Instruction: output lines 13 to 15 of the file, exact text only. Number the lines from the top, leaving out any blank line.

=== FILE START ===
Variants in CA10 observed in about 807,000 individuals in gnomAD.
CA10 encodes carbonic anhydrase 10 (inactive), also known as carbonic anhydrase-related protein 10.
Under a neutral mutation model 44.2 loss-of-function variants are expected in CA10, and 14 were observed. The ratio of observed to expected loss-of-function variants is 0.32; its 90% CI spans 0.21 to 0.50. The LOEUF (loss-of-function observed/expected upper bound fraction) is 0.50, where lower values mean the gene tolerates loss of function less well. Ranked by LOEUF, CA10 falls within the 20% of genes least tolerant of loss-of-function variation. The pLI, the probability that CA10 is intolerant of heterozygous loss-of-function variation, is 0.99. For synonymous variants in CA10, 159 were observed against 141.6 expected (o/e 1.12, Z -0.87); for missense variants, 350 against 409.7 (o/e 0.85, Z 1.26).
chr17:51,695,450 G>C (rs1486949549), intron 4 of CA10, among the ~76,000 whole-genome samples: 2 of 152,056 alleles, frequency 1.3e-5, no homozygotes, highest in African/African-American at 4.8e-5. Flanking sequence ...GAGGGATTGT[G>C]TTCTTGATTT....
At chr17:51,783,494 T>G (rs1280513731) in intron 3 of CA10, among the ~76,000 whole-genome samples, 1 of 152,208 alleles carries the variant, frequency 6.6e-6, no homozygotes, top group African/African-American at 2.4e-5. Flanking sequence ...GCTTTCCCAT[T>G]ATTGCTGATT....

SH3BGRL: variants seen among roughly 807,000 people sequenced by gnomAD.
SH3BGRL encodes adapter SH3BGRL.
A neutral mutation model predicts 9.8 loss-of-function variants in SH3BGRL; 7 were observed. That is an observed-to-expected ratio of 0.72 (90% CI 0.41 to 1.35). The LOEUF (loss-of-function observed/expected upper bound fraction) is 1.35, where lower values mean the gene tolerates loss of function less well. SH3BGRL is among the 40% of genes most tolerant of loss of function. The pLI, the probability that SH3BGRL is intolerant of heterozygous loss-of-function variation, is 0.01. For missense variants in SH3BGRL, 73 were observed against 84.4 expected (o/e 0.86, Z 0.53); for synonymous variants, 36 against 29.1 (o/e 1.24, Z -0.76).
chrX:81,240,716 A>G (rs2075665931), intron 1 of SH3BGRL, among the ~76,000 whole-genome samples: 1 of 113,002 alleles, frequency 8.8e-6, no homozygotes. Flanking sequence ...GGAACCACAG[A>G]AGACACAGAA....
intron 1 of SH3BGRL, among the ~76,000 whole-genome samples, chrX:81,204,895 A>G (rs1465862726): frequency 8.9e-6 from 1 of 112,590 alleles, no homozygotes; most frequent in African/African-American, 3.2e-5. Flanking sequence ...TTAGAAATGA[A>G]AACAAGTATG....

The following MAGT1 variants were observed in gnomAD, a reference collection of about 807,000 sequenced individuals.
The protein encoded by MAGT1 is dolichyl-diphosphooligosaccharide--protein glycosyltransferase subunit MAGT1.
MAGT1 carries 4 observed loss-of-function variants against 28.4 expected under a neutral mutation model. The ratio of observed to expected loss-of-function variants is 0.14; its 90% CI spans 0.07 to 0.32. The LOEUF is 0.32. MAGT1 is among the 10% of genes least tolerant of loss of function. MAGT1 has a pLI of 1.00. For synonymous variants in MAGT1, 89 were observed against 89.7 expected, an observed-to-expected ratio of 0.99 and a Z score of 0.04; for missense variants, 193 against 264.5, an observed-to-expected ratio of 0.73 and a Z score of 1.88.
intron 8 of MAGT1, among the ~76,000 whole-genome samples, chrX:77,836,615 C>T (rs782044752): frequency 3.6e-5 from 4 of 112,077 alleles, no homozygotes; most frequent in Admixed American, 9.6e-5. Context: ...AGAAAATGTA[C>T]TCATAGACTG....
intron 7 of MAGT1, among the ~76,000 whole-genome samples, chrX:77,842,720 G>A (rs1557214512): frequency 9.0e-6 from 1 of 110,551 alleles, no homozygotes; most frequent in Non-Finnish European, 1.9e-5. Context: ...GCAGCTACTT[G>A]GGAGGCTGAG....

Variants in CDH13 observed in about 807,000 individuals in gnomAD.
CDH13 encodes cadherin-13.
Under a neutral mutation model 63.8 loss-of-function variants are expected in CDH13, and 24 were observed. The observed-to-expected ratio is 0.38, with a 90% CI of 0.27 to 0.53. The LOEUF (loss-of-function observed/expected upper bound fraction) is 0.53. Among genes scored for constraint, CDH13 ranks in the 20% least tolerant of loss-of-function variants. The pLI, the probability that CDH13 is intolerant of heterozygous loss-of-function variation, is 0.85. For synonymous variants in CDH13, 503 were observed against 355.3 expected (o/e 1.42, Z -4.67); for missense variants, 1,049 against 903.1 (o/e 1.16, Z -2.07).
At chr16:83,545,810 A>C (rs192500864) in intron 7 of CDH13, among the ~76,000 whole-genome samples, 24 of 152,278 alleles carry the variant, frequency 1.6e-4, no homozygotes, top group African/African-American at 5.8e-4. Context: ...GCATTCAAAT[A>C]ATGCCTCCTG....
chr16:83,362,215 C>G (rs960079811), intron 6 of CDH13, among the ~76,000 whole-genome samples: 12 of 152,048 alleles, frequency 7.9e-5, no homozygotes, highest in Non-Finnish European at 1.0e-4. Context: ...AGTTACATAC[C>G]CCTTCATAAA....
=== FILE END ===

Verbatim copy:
MAGT1 carries 4 observed loss-of-function variants against 28.4 expected under a neutral mutation model. The ratio of observed to expected loss-of-function variants is 0.14; its 90% CI spans 0.07 to 0.32. The LOEUF is 0.32. MAGT1 is among the 10% of genes least tolerant of loss of function. MAGT1 has a pLI of 1.00. For synonymous variants in MAGT1, 89 were observed against 89.7 expected, an observed-to-expected ratio of 0.99 and a Z score of 0.04; for missense variants, 193 against 264.5, an observed-to-expected ratio of 0.73 and a Z score of 1.88.
intron 8 of MAGT1, among the ~76,000 whole-genome samples, chrX:77,836,615 C>T (rs782044752): frequency 3.6e-5 from 4 of 112,077 alleles, no homozygotes; most frequent in Admixed American, 9.6e-5. Context: ...AGAAAATGTA[C>T]TCATAGACTG....
intron 7 of MAGT1, among the ~76,000 whole-genome samples, chrX:77,842,720 G>A (rs1557214512): frequency 9.0e-6 from 1 of 110,551 alleles, no homozygotes; most frequent in Non-Finnish European, 1.9e-5. Context: ...GCAGCTACTT[G>A]GGAGGCTGAG....